The DSI Test team attended the latest IT@Cork event hoping to gain some ‘Tricks or Treats’ that they could use to improve their automated test process and they weren’t disappointed. In addition to ‘Tricks and Treats’ Ken Brennock from Insight Test Services also offered some extremely helpful advice and some ‘Tips’, not least, that test automation can be in-valuable in supporting the delivery of quality software BUT only if used strategically.
It seems that even if not used strategically there are some quick wins to be made from test automation as follows:
- Time and cost savings through improved efficiency,
- Repeatability and accuracy of execution,
- Improved test coverage through automated regression test execution,
- Better visibility and control of the test process,
However, it’s when test automation is used correctly and with a holistic approach (holistic testing!) then the gains are long-term and tend to multiply. This is what Ken was proposing when he presented the view that organisations should approach their automated testing from the full software development lifecycle rather than just restricting automation testing to a phase during system testing.
Now, let’s examine this holistic approach as follows:
Costs – ‘no pain no gain’
Are there more costs involved in approaching our automated testing from the full Dev. Life cycle?
Yes, of course there are costs and the old adage of ‘no pain no gain’ comes to mind here due to some initial outlays.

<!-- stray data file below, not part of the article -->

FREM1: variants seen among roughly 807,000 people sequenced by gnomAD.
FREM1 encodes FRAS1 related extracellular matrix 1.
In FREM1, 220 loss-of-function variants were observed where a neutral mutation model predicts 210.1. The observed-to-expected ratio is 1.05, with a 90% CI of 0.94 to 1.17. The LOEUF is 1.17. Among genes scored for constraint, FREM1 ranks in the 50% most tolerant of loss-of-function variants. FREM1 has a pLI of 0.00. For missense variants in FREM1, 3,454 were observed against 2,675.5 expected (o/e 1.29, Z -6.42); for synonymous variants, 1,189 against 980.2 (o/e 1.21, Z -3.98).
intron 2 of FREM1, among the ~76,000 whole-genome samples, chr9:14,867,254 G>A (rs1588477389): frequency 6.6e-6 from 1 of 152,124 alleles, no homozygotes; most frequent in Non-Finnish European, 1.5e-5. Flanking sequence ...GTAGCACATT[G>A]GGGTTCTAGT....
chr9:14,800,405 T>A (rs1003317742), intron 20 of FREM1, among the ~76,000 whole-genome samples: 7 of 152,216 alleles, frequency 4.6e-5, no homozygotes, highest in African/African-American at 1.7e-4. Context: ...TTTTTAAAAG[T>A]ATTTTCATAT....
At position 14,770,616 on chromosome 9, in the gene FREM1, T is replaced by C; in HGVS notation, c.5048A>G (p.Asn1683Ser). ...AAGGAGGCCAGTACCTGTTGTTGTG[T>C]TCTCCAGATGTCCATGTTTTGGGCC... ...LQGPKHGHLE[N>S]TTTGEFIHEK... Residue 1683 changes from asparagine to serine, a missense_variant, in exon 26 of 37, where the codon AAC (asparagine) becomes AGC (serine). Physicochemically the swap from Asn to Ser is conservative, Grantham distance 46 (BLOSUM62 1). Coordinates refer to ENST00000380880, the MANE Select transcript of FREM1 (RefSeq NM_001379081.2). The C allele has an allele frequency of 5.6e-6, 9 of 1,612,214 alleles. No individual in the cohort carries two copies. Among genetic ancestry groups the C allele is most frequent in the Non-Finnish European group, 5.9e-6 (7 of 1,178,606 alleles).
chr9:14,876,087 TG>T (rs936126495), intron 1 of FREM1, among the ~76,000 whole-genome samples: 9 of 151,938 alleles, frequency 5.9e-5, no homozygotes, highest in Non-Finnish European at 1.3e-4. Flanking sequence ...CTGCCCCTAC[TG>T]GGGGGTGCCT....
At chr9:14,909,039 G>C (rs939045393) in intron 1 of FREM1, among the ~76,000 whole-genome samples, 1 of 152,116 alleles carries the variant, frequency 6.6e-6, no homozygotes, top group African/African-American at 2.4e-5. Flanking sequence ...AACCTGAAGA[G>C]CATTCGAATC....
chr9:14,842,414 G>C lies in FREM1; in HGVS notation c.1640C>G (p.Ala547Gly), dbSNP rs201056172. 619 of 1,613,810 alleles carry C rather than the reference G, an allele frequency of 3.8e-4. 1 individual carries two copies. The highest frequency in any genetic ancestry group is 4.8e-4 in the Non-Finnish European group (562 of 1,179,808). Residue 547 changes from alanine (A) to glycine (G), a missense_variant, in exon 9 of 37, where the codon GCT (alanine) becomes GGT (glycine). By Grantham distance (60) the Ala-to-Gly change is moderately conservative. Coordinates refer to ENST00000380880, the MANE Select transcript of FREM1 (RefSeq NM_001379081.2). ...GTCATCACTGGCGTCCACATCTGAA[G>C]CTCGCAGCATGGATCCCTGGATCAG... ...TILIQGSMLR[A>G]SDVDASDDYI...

- There are costs associated with purchasing a test tool and accompanying licenses.
- There are costs associated with training your chosen employee / employees (be aware of up-skilling just one employee because if they leave they take all that valuable knowledge with them)
- Test maintenance is costly if the application is constantly changing.
- There are probably some hidden gotchya’s along the way but of course the longer term gains do offset these initial costs.
Benefits – ‘a lot of gain from some initial pain’
There are some obvious benefits across the organisation in terms of reliability, repeatability, reusability and of course they are faster ‘faster speed is often of the essence’. There are also some more specific benefits as follows:
- At the Requirements Gathering Phase Test Management tools like ‘HP’s Test Director’ can be used to track requirements and assists both development and testing in their ability to uncover in-consistencies aka bugs at this early stage of the project lifecycle and provides traceability throughout the project allowing requirements to be linked to automated scripts as the project progresses.
- During the Development Phase the combination of automation testing with nightly builds from development can result in some big wins for both development and test teams.
- There can be an overall cost reduction, helping to offset the initial costs mentioned above, as the number of resources for regression test are reduced.
Available Tools – ‘the right tools for the job’
Choosing the right tools for the job is vitally important. Ken outlined some open-source tools that may help in the areas of Performance/Load Testing (JMETER , the Grinder) Defect Management (BUGZILLA, Bug Tracker) and Security Testing (Bad Boy, John the Ripper). In his presentation Ken made particular reference to Security Testing and that the use of open source tools, although valuable, tend to lag one step behind in overall security terms.We at DSI have benefitted first-hand from using JMETER and the Grinder for Performance Testing and iTracker for Defect Management and then more recently JIRA for tracking purposes.
Overall – ‘To automate or not to automate that is the question?’
Yes, organisations need to automate some of their testing tasks so that they can reduce the need for manual involvement in repetitive tasks. Organisations need to target the right tools and then identify the areas of the organisation where these tools can realise the benefits of that automation. The Overall benefits of test automation are Un-Boo-lievable.